When I teach introduction to ethics I spend some time on cultural relativism. I present several objections to the view, mostly based on counterintuitive consequences involving certain moral behaviors, such as criticizing one's own society's moral code. I've noticed that in the context of discussions of cultural relativism, students become hesitant to trust their own moral intuitions. "Who are we to say," they say.
But this hesitation completely disappears the next day when we move on to discussion of utilitarianism. I present standard criticisms of this view, most of which are based on the idea that it misclassifies certain actions--it classifies certain wrong actions as right or obligatory. Now the students are unhesitating. "Yeah, you absolutely can't perform the organ harvest. No way," they say.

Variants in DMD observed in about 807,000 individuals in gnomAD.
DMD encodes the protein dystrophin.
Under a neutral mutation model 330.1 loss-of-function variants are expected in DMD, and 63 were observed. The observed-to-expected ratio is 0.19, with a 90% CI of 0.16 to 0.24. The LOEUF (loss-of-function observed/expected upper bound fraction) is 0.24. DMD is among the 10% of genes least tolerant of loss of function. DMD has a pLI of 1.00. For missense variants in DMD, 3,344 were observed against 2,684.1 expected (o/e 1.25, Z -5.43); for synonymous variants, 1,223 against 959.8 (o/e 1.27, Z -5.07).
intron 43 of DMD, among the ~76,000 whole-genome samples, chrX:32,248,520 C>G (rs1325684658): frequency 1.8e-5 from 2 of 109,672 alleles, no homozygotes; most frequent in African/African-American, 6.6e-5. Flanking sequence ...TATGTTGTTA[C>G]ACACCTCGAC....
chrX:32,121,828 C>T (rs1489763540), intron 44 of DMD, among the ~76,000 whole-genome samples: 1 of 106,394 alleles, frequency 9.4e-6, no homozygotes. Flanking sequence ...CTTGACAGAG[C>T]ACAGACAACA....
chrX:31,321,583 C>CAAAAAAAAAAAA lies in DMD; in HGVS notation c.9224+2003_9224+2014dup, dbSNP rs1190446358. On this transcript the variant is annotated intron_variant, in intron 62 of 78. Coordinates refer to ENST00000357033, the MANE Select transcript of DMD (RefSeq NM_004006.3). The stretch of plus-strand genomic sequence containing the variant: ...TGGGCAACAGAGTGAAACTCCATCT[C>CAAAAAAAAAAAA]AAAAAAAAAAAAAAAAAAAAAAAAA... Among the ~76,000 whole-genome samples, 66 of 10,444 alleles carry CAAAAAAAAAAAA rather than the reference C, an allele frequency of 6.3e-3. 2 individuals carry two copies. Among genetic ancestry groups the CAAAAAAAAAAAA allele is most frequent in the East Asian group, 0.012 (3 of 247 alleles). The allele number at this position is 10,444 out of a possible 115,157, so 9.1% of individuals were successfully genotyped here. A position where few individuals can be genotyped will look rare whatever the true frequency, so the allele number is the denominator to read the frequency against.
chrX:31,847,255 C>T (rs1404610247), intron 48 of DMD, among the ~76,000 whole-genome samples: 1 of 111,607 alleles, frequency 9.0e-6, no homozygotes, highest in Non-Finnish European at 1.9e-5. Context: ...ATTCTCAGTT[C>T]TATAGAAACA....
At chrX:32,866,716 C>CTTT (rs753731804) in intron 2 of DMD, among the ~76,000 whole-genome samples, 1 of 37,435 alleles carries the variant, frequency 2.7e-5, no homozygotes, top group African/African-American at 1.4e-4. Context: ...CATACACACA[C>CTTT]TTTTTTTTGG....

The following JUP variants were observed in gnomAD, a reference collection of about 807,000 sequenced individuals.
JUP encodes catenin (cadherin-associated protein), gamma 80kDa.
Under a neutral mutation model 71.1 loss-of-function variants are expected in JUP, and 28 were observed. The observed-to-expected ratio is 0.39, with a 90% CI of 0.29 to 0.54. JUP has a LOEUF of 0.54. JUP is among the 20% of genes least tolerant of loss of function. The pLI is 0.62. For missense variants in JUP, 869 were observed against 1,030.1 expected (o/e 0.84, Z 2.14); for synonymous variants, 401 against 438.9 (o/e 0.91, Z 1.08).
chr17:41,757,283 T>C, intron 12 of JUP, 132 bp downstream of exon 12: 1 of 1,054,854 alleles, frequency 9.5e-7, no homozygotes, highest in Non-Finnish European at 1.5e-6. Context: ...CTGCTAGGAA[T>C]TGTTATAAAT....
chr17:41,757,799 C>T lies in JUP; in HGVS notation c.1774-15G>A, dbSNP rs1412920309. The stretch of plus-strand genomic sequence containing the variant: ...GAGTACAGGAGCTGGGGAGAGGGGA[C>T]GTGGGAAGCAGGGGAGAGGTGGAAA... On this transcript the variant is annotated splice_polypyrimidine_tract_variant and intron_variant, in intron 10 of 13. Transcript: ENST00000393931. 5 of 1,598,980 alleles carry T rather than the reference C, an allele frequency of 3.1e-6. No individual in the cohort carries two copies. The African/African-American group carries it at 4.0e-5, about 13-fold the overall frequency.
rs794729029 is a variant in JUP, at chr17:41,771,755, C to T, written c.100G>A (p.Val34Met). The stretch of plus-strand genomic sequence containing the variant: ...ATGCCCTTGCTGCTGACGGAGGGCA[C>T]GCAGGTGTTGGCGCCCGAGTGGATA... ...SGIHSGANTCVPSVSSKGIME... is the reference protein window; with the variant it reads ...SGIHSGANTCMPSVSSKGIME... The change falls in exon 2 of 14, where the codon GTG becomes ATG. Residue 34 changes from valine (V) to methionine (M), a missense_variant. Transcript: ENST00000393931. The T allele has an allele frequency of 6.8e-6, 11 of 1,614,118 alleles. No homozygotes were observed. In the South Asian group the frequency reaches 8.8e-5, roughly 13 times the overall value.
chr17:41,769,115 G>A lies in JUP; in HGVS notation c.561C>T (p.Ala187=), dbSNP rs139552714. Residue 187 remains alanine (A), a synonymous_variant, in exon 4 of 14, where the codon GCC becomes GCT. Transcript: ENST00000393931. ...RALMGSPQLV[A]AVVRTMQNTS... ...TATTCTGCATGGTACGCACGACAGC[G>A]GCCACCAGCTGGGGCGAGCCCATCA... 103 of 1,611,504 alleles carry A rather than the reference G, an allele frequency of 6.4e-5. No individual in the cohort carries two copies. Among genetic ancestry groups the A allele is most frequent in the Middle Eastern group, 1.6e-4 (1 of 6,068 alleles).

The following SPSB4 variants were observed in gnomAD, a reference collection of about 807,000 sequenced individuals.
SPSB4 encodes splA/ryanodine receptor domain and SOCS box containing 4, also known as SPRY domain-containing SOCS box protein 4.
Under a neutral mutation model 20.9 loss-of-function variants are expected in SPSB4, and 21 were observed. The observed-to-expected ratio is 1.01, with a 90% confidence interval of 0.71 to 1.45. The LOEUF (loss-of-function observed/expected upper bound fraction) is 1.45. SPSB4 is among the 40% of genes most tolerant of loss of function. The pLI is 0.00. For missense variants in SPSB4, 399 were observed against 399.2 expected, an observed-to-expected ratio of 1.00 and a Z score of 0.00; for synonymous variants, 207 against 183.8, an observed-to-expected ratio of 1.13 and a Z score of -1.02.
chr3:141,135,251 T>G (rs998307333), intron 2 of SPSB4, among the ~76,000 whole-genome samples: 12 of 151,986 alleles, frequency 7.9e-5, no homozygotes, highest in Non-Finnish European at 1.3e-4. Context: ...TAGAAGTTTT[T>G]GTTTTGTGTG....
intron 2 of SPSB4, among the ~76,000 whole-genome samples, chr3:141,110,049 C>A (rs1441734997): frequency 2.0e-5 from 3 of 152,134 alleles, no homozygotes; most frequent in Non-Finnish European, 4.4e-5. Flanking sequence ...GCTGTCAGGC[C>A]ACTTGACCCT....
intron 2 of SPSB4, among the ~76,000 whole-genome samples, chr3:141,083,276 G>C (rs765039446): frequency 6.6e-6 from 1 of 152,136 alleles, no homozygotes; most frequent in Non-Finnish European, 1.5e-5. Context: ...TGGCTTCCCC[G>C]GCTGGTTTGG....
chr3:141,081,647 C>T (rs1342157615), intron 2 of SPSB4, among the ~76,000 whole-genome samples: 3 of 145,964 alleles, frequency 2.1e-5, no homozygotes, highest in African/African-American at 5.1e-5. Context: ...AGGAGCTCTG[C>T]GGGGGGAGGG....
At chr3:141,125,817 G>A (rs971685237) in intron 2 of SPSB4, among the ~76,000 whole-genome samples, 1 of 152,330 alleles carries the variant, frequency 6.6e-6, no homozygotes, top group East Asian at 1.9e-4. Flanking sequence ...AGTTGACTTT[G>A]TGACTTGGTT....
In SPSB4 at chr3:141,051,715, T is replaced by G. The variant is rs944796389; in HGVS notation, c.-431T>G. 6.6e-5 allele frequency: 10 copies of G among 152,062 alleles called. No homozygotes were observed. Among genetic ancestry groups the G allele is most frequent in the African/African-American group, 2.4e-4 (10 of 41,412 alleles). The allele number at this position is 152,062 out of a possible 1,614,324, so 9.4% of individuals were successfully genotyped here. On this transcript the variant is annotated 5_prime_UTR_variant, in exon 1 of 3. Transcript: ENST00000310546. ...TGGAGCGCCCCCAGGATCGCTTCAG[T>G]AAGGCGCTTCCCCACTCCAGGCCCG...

Although I realize this is not scientific, I guess I think it's pretty weird. Maybe contemplating cultural relativism gets people in a more tolerant mood. But the harms contained in the counterexamples to utilitarianism (organ harvesting; free-riding; etc.) pale in comparison to the harms we discuss in connection with relativism (Jim Crow; slavery; the holocaust; etc.). Maybe just introducing the prospect of relativism primes them to regard morality as relative. Does this happen to other people?